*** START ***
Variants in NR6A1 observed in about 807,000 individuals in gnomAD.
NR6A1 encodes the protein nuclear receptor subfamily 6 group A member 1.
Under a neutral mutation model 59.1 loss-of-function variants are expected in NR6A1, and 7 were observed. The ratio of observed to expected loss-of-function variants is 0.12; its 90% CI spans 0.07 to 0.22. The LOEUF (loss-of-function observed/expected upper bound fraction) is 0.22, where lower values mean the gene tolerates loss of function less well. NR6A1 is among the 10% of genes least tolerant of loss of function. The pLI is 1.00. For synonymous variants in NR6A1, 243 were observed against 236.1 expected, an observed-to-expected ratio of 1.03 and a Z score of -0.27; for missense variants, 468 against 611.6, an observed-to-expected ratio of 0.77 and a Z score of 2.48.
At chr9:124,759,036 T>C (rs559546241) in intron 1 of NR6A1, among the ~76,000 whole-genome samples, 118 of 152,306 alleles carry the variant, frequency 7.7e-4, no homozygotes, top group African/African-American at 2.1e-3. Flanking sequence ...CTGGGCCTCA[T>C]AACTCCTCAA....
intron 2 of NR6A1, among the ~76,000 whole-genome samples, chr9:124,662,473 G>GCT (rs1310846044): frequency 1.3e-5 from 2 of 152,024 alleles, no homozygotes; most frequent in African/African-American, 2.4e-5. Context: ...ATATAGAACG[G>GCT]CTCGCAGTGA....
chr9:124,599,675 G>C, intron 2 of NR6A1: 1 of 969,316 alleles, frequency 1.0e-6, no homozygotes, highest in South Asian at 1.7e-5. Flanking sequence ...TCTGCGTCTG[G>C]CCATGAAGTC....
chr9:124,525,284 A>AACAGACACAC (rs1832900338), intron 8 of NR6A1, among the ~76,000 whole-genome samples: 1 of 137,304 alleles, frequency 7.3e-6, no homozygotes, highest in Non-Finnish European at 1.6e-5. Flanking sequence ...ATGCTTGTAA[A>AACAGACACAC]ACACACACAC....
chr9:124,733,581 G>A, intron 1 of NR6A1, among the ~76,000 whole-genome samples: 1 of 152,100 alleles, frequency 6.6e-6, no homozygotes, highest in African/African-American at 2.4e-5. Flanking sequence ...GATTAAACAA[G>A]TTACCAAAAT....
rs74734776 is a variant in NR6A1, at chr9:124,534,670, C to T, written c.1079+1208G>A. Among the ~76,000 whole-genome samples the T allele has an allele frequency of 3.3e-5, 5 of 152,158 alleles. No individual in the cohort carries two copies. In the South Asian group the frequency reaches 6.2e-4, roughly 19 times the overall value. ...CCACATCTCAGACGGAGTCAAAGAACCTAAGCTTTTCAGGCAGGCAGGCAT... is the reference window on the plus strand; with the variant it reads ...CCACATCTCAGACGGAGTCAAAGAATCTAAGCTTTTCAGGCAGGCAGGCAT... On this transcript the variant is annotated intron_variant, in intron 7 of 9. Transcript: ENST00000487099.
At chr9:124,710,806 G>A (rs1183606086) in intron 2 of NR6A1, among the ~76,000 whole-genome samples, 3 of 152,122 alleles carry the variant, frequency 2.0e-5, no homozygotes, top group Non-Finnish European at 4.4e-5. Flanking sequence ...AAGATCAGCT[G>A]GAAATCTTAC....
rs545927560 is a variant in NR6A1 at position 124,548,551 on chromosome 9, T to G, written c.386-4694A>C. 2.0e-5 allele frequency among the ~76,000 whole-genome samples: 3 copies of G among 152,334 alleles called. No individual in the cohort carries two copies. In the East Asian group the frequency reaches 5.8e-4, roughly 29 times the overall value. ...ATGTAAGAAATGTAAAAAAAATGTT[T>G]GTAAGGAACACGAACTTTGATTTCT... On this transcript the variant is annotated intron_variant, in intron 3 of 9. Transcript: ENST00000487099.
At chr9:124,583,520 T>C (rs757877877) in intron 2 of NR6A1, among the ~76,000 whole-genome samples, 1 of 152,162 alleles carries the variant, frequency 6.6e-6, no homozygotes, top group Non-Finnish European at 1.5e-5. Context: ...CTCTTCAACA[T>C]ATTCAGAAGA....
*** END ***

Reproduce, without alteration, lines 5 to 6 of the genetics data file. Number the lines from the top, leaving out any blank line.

intron 2 of NR6A1, among the ~76,000 whole-genome samples, chr9:124,662,473 G>GCT (rs1310846044): frequency 1.3e-5 from 2 of 152,024 alleles, no homozygotes; most frequent in African/African-American, 2.4e-5. Context: ...ATATAGAACG[G>GCT]CTCGCAGTGA....
chr9:124,599,675 G>C, intron 2 of NR6A1: 1 of 969,316 alleles, frequency 1.0e-6, no homozygotes, highest in South Asian at 1.7e-5. Flanking sequence ...TCTGCGTCTG[G>C]CCATGAAGTC....